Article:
When business magnate Simon Dayton is found dead inside his locked office moments after police detective Sam Street (Withers) saw him standing at the window, reknowned private James Lee Wong (Karloff) joins forces with the homicide squad to interpert the only clues found at the scene--tiny fragments of delicate glass. When Dayton's business partners start dying under equally mysterious circumstances, and sinister agents of foreign powers start appearing in the shadows, Wong and Street have to race against time to prevent more murders, including, possibly, their own.
"Mr. Wong, Detective" is a fast-paced, well-scripted complex mystery with lots of twists, turns, and misdirections. The array of suspects and the way suspicion moves on and off them, the way motives come into focus and blur again, the clever way the murder weapon is triggered, and the way Wong ultimately unmasks the very clever murderer, all add up to a mystery movie that deserves more attention than it gets.
Another element that adds to the film's quality is the acting. Boris Karloff is excellent as Wong, playing a more subdued and refined character than in just about any other role he played before or after, with Wong's sarcastic, stereortypical "oriental politeness" in the face of the bad guys adding flavor to the character and comedy to the film. Grant Withers as Street is likewise excellent in his part, shining particularly brightly in the scenes with Maxine Jennings, who brings effective comic relief to the picture as his feisty girlfriend, Myra. The supporting cast and co-stars also all turn in top-quality performances.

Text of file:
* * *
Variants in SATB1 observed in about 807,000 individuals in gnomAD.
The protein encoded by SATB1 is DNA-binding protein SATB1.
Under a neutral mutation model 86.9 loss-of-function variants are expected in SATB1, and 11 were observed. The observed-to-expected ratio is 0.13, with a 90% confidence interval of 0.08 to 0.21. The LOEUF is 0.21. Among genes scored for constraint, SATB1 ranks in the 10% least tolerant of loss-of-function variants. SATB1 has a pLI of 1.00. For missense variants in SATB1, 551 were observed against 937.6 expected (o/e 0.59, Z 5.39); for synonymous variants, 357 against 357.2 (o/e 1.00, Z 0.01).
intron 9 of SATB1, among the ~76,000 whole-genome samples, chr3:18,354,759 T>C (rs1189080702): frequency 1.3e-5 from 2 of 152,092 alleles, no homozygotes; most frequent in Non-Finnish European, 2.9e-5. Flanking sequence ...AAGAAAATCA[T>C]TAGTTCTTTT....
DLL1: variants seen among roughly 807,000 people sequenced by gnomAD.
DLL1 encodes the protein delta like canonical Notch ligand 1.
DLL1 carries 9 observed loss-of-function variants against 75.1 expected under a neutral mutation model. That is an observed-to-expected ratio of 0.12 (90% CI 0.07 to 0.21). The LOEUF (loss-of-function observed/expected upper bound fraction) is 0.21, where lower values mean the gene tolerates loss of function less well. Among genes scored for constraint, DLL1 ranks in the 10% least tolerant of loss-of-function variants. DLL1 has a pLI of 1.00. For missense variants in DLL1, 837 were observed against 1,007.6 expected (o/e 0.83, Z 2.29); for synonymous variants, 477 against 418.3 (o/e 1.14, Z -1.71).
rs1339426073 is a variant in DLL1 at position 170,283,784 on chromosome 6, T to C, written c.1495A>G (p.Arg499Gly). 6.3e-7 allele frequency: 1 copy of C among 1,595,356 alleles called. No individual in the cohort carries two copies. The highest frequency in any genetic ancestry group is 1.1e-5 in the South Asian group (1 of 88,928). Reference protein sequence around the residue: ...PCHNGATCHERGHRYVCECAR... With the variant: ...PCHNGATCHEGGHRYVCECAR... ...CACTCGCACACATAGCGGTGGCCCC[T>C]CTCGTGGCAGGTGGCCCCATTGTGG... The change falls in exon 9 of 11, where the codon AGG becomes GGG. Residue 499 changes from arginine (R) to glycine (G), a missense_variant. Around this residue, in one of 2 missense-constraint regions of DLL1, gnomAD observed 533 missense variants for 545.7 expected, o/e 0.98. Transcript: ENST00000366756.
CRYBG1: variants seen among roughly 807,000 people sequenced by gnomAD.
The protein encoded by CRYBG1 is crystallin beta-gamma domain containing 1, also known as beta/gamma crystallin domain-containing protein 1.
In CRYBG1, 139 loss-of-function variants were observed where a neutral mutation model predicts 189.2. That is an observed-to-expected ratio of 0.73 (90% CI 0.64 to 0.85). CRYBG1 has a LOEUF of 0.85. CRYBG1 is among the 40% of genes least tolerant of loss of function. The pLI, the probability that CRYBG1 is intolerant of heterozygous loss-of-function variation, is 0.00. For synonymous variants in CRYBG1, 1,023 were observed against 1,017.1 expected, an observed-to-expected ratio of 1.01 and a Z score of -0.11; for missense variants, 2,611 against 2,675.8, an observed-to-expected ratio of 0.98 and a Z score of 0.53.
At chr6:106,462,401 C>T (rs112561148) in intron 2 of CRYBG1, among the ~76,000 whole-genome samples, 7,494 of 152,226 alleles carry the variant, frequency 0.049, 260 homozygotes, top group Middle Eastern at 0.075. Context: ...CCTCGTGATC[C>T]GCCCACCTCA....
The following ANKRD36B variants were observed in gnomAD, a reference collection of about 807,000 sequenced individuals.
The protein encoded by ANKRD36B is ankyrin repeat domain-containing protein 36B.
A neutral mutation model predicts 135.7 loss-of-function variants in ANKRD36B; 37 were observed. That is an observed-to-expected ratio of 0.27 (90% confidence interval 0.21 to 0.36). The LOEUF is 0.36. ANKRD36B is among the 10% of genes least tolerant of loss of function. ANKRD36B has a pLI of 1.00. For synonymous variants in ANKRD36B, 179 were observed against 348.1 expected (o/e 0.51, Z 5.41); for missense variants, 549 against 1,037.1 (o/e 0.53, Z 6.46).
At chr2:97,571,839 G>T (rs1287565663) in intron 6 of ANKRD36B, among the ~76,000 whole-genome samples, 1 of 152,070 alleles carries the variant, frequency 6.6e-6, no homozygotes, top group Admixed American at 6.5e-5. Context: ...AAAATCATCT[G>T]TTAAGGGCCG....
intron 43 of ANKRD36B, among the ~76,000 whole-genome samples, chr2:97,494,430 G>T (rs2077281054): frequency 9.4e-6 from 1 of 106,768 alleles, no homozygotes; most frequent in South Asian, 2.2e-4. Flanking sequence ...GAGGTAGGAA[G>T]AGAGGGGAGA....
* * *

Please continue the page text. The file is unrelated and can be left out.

"Mr. Wong, Detective" is a film well worth the time a fan of 1930s mysteries should devote to watching it. It's a great kick-off for an excellent series.
Mr. Wong, Detective
Starring: Boris Karloff, Grant Withers, John St. Polis, Maxine Jennings, Lucien Prival, and Evelyn Brent
Director: William Nigh